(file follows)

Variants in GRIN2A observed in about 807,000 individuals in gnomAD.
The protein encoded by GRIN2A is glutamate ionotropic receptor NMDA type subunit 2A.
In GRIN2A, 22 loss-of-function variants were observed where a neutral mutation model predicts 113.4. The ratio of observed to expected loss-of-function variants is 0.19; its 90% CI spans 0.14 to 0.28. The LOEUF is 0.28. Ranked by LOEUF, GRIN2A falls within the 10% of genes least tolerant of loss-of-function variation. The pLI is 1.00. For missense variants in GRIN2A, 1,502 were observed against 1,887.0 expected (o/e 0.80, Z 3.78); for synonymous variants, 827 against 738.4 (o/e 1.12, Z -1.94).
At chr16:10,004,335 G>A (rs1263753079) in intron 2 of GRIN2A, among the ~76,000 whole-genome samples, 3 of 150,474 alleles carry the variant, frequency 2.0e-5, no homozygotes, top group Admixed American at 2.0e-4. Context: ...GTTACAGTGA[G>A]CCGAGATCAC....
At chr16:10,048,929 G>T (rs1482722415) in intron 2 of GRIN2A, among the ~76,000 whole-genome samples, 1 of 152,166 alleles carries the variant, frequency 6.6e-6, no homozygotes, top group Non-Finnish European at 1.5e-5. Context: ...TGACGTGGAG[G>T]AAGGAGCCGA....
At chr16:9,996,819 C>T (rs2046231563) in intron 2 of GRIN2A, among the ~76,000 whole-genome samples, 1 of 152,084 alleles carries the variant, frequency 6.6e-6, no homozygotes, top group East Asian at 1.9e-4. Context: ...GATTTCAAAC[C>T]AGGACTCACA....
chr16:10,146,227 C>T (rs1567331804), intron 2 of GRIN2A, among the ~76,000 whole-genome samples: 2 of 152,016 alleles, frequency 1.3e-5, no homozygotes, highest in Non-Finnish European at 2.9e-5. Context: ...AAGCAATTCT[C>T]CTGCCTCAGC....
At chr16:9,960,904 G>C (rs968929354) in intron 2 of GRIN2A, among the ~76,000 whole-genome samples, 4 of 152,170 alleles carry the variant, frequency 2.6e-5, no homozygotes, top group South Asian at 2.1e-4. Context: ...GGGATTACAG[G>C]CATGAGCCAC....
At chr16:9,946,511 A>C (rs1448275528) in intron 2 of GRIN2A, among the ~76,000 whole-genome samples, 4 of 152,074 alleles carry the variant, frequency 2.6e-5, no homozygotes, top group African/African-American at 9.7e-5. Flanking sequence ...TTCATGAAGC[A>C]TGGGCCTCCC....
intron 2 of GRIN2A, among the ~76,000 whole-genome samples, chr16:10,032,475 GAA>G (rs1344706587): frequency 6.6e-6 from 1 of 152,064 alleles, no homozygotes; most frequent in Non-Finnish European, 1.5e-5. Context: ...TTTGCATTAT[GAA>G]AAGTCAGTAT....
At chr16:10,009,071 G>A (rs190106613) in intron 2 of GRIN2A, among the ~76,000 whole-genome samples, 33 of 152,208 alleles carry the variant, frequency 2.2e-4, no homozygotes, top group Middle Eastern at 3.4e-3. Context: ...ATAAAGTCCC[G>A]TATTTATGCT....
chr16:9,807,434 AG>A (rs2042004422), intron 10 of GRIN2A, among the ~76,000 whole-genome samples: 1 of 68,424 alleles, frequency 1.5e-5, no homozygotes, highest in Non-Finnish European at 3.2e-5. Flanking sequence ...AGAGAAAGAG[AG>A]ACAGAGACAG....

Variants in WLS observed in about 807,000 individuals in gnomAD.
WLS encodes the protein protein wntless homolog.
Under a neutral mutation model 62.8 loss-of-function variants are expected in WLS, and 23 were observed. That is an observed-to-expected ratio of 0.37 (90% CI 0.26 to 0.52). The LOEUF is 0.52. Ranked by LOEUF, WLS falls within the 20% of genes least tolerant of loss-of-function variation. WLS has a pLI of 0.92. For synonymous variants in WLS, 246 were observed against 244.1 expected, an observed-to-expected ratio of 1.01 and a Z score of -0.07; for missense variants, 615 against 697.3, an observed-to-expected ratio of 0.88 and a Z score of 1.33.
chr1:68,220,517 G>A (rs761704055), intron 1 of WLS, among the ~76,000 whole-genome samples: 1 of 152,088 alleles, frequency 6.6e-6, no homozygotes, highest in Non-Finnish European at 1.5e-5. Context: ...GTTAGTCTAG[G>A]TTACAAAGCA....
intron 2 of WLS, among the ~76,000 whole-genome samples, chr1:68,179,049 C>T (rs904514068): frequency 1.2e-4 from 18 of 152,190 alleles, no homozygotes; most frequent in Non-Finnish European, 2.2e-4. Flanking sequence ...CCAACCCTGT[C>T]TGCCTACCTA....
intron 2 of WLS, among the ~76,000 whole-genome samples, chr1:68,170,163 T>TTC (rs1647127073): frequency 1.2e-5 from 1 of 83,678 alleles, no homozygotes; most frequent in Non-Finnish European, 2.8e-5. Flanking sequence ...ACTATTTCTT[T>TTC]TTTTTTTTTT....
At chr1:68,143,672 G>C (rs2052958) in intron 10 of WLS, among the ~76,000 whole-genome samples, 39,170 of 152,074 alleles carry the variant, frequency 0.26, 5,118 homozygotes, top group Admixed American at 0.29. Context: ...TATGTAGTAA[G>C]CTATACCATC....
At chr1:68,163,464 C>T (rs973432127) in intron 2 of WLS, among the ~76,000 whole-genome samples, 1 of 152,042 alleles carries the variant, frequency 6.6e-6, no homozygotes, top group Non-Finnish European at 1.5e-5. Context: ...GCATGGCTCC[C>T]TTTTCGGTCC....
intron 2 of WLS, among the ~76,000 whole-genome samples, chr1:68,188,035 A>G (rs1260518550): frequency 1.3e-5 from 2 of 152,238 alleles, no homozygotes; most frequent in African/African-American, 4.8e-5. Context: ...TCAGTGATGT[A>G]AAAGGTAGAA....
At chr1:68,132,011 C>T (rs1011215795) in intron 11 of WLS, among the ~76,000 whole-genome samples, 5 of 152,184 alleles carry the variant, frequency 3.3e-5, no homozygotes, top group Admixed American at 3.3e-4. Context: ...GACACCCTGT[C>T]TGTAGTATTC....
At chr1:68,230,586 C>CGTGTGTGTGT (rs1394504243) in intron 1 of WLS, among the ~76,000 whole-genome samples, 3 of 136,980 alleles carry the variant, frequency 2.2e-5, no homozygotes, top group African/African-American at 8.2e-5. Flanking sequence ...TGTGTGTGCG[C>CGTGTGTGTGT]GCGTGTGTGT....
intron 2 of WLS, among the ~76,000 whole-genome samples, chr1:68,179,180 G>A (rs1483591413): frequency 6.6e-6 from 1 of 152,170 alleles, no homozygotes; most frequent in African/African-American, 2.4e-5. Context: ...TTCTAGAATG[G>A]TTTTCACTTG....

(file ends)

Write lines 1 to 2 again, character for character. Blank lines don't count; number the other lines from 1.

Variants in GRIN2A observed in about 807,000 individuals in gnomAD.
The protein encoded by GRIN2A is glutamate ionotropic receptor NMDA type subunit 2A.